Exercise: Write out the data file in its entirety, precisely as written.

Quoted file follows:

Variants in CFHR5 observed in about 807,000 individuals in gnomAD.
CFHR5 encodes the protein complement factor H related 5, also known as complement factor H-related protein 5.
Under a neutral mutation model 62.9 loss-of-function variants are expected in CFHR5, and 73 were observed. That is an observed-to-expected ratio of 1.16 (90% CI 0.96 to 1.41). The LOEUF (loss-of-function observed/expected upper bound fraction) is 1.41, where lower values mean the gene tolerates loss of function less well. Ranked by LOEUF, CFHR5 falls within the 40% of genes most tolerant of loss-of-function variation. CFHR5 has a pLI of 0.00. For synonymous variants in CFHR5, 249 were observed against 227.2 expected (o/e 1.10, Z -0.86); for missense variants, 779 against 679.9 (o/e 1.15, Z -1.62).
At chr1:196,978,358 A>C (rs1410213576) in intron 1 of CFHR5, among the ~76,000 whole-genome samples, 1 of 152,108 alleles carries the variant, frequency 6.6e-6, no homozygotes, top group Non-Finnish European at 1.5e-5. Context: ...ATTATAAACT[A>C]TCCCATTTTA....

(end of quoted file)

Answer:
Variants in CFHR5 observed in about 807,000 individuals in gnomAD.
CFHR5 encodes the protein complement factor H related 5, also known as complement factor H-related protein 5.
Under a neutral mutation model 62.9 loss-of-function variants are expected in CFHR5, and 73 were observed. That is an observed-to-expected ratio of 1.16 (90% CI 0.96 to 1.41). The LOEUF (loss-of-function observed/expected upper bound fraction) is 1.41, where lower values mean the gene tolerates loss of function less well. Ranked by LOEUF, CFHR5 falls within the 40% of genes most tolerant of loss-of-function variation. CFHR5 has a pLI of 0.00. For synonymous variants in CFHR5, 249 were observed against 227.2 expected (o/e 1.10, Z -0.86); for missense variants, 779 against 679.9 (o/e 1.15, Z -1.62).
At chr1:196,978,358 A>C (rs1410213576) in intron 1 of CFHR5, among the ~76,000 whole-genome samples, 1 of 152,108 alleles carries the variant, frequency 6.6e-6, no homozygotes, top group Non-Finnish European at 1.5e-5. Context: ...ATTATAAACT[A>C]TCCCATTTTA....